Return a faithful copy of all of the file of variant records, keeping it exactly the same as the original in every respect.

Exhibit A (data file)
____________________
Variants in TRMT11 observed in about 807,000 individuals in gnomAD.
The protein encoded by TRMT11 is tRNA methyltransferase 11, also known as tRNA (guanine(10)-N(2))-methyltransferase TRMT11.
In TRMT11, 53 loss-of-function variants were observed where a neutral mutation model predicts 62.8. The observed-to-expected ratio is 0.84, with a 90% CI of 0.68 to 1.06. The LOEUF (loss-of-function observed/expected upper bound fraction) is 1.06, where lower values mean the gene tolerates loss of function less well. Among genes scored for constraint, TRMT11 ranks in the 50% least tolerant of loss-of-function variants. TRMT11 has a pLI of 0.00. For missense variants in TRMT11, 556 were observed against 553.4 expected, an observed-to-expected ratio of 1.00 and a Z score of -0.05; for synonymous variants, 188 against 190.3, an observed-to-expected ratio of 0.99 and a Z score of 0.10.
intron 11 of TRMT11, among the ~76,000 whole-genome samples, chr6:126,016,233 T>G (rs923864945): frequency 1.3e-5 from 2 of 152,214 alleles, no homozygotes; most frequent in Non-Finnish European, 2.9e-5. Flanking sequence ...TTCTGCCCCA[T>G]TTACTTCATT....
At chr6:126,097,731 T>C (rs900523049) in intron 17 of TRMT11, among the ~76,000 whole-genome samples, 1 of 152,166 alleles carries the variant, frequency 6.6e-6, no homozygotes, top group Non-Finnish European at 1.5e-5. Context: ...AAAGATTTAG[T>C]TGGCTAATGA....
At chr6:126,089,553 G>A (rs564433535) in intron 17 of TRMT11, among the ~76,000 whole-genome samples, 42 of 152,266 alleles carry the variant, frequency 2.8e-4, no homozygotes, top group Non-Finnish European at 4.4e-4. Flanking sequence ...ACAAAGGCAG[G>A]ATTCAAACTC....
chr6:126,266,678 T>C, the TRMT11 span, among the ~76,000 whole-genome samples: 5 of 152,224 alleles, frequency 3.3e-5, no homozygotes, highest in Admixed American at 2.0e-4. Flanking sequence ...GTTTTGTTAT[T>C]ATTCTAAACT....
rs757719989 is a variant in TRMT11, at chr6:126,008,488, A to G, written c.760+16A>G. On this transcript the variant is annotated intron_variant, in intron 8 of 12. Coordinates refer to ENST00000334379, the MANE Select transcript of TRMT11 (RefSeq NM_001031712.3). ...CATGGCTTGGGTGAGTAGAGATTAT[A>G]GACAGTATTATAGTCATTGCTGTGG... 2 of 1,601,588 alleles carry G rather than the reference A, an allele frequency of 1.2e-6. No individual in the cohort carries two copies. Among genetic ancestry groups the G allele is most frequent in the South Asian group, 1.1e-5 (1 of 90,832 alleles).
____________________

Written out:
Variants in TRMT11 observed in about 807,000 individuals in gnomAD.
The protein encoded by TRMT11 is tRNA methyltransferase 11, also known as tRNA (guanine(10)-N(2))-methyltransferase TRMT11.
In TRMT11, 53 loss-of-function variants were observed where a neutral mutation model predicts 62.8. The observed-to-expected ratio is 0.84, with a 90% CI of 0.68 to 1.06. The LOEUF (loss-of-function observed/expected upper bound fraction) is 1.06, where lower values mean the gene tolerates loss of function less well. Among genes scored for constraint, TRMT11 ranks in the 50% least tolerant of loss-of-function variants. TRMT11 has a pLI of 0.00. For missense variants in TRMT11, 556 were observed against 553.4 expected, an observed-to-expected ratio of 1.00 and a Z score of -0.05; for synonymous variants, 188 against 190.3, an observed-to-expected ratio of 0.99 and a Z score of 0.10.
intron 11 of TRMT11, among the ~76,000 whole-genome samples, chr6:126,016,233 T>G (rs923864945): frequency 1.3e-5 from 2 of 152,214 alleles, no homozygotes; most frequent in Non-Finnish European, 2.9e-5. Flanking sequence ...TTCTGCCCCA[T>G]TTACTTCATT....
At chr6:126,097,731 T>C (rs900523049) in intron 17 of TRMT11, among the ~76,000 whole-genome samples, 1 of 152,166 alleles carries the variant, frequency 6.6e-6, no homozygotes, top group Non-Finnish European at 1.5e-5. Context: ...AAAGATTTAG[T>C]TGGCTAATGA....
At chr6:126,089,553 G>A (rs564433535) in intron 17 of TRMT11, among the ~76,000 whole-genome samples, 42 of 152,266 alleles carry the variant, frequency 2.8e-4, no homozygotes, top group Non-Finnish European at 4.4e-4. Flanking sequence ...ACAAAGGCAG[G>A]ATTCAAACTC....
chr6:126,266,678 T>C, the TRMT11 span, among the ~76,000 whole-genome samples: 5 of 152,224 alleles, frequency 3.3e-5, no homozygotes, highest in Admixed American at 2.0e-4. Flanking sequence ...GTTTTGTTAT[T>C]ATTCTAAACT....
rs757719989 is a variant in TRMT11, at chr6:126,008,488, A to G, written c.760+16A>G. On this transcript the variant is annotated intron_variant, in intron 8 of 12. Coordinates refer to ENST00000334379, the MANE Select transcript of TRMT11 (RefSeq NM_001031712.3). ...CATGGCTTGGGTGAGTAGAGATTAT[A>G]GACAGTATTATAGTCATTGCTGTGG... 2 of 1,601,588 alleles carry G rather than the reference A, an allele frequency of 1.2e-6. No individual in the cohort carries two copies. Among genetic ancestry groups the G allele is most frequent in the South Asian group, 1.1e-5 (1 of 90,832 alleles).